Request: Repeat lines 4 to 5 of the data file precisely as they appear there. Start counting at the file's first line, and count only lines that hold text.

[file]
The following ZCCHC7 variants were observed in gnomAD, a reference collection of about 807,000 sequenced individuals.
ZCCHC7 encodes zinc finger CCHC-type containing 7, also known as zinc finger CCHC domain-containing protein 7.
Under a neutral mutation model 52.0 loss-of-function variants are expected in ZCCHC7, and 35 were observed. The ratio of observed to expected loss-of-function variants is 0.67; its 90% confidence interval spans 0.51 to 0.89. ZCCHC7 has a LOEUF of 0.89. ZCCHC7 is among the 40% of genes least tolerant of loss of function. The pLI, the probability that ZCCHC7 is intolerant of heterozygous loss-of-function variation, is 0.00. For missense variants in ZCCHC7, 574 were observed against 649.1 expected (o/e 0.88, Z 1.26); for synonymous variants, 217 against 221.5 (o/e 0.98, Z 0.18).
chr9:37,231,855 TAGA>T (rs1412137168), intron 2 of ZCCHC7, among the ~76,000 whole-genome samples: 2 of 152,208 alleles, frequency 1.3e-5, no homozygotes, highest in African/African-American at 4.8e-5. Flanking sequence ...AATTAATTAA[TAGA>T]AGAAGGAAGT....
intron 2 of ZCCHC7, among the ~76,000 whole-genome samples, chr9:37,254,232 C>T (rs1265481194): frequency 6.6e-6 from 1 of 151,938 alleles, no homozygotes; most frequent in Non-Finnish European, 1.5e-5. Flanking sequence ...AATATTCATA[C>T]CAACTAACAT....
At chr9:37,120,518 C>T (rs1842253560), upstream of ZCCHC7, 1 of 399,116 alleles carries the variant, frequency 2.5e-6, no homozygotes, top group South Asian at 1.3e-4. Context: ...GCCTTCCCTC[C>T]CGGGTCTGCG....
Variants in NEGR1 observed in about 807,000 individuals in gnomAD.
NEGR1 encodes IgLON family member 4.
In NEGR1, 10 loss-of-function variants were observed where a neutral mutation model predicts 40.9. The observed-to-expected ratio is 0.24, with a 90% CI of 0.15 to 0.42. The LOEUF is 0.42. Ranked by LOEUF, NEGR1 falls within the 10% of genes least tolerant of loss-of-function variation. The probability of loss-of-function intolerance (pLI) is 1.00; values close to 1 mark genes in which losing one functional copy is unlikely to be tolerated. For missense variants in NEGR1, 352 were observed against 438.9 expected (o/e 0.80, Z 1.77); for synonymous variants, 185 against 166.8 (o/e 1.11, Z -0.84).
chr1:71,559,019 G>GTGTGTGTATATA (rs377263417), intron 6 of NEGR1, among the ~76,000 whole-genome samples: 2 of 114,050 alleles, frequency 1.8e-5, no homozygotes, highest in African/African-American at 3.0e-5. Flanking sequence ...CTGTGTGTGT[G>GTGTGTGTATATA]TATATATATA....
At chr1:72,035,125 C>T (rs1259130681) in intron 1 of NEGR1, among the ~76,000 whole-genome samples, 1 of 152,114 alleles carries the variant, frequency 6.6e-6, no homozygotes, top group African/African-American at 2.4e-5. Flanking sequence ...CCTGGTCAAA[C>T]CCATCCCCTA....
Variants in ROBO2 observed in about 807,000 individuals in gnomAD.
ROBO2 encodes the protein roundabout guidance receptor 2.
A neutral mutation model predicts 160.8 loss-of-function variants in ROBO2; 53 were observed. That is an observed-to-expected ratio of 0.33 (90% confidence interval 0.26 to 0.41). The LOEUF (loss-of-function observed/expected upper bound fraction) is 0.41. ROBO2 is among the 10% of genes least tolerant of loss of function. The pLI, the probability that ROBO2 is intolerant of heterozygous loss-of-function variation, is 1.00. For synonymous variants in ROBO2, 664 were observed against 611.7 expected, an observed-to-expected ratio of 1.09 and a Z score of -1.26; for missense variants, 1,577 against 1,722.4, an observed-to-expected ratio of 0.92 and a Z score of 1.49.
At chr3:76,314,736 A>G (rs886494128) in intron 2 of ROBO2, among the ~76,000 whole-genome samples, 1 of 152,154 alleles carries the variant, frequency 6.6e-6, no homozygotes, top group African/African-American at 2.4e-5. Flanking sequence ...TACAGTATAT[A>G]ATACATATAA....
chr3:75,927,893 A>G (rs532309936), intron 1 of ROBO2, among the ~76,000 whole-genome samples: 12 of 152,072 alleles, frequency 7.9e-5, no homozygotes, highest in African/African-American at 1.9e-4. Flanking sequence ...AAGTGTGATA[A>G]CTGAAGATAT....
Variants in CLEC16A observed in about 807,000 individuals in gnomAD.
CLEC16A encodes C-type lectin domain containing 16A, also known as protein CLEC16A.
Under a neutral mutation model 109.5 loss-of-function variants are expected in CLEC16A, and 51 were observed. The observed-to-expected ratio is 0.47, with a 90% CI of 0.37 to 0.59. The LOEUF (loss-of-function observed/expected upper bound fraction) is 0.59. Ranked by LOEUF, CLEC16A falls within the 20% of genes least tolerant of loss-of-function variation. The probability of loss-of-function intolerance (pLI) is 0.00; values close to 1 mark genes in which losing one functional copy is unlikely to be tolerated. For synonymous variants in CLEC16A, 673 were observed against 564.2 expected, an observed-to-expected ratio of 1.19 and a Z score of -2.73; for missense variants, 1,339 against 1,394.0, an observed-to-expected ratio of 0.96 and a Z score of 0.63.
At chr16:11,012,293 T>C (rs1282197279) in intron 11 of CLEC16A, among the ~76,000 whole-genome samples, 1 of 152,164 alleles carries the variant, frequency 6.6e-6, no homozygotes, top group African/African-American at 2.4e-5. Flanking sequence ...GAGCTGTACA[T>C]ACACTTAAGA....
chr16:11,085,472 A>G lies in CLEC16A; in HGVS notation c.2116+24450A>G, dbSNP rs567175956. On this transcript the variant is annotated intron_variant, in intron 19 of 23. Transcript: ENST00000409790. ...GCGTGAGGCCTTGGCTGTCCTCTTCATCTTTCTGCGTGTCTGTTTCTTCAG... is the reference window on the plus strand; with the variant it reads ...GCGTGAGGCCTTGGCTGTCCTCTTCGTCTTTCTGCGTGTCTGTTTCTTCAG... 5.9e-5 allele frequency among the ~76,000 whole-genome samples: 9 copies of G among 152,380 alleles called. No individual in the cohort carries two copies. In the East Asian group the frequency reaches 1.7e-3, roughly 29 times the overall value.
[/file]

chr9:37,231,855 TAGA>T (rs1412137168), intron 2 of ZCCHC7, among the ~76,000 whole-genome samples: 2 of 152,208 alleles, frequency 1.3e-5, no homozygotes, highest in African/African-American at 4.8e-5. Flanking sequence ...AATTAATTAA[TAGA>T]AGAAGGAAGT....
intron 2 of ZCCHC7, among the ~76,000 whole-genome samples, chr9:37,254,232 C>T (rs1265481194): frequency 6.6e-6 from 1 of 151,938 alleles, no homozygotes; most frequent in Non-Finnish European, 1.5e-5. Flanking sequence ...AATATTCATA[C>T]CAACTAACAT....